reimbursement:                                              Beginning:                 Ending:

                                I n s t r uc t i o n s f o r C om p l et i n g T h i s F o rm

1.   Enter all of the required information above.
2.   Enter the date that the expenditure occurred below.
3.   Describe the reason and/or purpose for the expense below.
4.   Attach any relevant receipts, credit card statements, etc. to this form.
5.   Sign and date where indicated.
6.   Submit the completed form (with attachments) to your immediate supervisor for review and
     approval.
           P l e a se n ot e t h a t e v ery f i e l d c o n st i t ut e s r e qu i r e d i nf o r m at i on a n d m u s t
                  b e c o m pl e t e l y f i l l e d i n . I f n e ce s s ar y , at t ach a d d i t i on a l s h ee t s .
                         I n c o m pl e t e s u b mi t t al s w i l l b e re t ur n e d u n pr o c e ss e d .
                               Cost         Date of                                                          Expense
     Type of Expense:                                               Description of Expense:
                               Code:       Expense:                                                          Amount:

 Entertainment                E-01
 Entertainment                E-01
 Entertainment                E-01
 Entertainment                E-01
 Entertainment                E-01
 Meals                        M-01
 Meals                        M-01
 Meals                        M-01
 Meals                        M-01
 Meals                        M-01
 Medical                      M-02
 Medical                      M-02
 Medical                      M-02
 Medical                      M-02
 Medical                      M-02
 Per-diem                     P-01
 Per-diem                     P-01



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                     Business Strategy Fundamentals

 Per-diem                 P-01
 Per-diem                 P-01
 Per-diem                 P-01
 Relocation               R-01
 Relocation               R-01
 Relocation               R-01
 Relocation               R-01
 Relocation               R-01
 Transportation           T-01
 Transportation           T-01
 Transportation           T-01
 Transportation           T-01
 Transportation           T-01
 Miscellaneous other:     M-03
 Miscellaneous other:     M-03
 Miscellaneous other:     M-03
 Miscellaneous other:     M-03
 Miscellaneous other:     M-03
                                                                      Total Expenses $
By signing my name below, I certify that all information contained in this Expense Reimbursement Form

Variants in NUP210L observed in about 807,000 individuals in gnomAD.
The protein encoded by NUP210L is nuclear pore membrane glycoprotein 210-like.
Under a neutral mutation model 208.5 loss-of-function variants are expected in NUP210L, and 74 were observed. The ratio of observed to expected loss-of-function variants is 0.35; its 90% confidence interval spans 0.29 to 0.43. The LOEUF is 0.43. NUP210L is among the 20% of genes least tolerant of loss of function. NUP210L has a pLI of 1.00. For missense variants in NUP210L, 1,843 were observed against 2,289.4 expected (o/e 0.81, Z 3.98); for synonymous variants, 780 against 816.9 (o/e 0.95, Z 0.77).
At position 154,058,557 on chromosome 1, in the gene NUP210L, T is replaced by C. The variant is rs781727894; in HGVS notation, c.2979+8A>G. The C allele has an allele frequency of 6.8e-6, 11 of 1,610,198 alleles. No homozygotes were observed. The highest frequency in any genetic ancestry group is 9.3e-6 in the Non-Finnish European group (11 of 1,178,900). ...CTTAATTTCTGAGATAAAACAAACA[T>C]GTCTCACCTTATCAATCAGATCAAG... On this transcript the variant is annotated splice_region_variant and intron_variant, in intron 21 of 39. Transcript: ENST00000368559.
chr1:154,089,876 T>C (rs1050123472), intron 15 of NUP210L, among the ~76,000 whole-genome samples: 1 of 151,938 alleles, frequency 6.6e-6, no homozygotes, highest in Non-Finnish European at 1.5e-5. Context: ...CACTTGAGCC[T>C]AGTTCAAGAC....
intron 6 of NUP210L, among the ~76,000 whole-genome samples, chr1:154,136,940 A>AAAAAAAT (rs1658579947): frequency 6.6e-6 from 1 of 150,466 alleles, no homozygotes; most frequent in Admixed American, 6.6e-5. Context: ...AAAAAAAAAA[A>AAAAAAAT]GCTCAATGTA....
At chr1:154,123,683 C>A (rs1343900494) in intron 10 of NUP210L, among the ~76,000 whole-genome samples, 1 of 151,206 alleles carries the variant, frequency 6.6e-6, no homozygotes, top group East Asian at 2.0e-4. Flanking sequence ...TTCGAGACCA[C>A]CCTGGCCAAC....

is accurate. I understand that entering false information is grounds for immediate termination of my
employment, and may result in legal action against me.

Employee Signature      Date Submitted   Manager/Supervisor     Date Approved      Accounting Code




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                     Business Strategy Fundamentals

Summary
You will fare much better if you make an effort to understand the steps that are involved in
selling the business. You will want to formulate your plan carefully, and enlist in the help of
your professional advisors. When it is time to put your decision into action, you want to make
sure that you negotiate a price and terms that satisfy your reasons for getting out of the business.
Regardless of the circumstances, the decision to sell your business will be one of the most
important things that you will ever do. Just like many other decisions that you have made
through the years, you will only get one chance to put a price tag on what took you years and
years of effort to build up; and once you sign on the dotted line, it’s all over.
Give some thought to what your heirs or successors would have to do if you were no longer able
to work, or worse yet, if you died unexpectedly. Even though you may believe that you are
many years away from selling out, you should have a workable exit strategy in place. You don’t
want to be left with no choice but to liquidate the business and sell off the assets piece meal.
This will get you nothing for the time, effort, and goodwill that you have invested into building
the business up throughout the years. When it becomes time to sell your business, here are the
major issues that you will want to consider:
     Preliminary issues such as:
             The timing of your decision
             The industry experts that you will need to help you sort through everything
     The legal and ethical pitfalls that you will need to steer clear of
     What you can do to maximize your business’s value
             Determining a fair market price for a small business
     Securing a buyer
             Working with a business broker
             Developing a selling memorandum
     Other marketing concerns
     Exploring the term options
     Identifying tax implications if various alternatives are used
     Find out how much you need to know about:
             Seller financing
             Third-party financing through leveraged buyouts
     The typical steps associated with the sales processing:
             Letter of Intent
             Due diligence


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                     Business Strategy Fundamentals

             Closing




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                           Business Strategy Fundamentals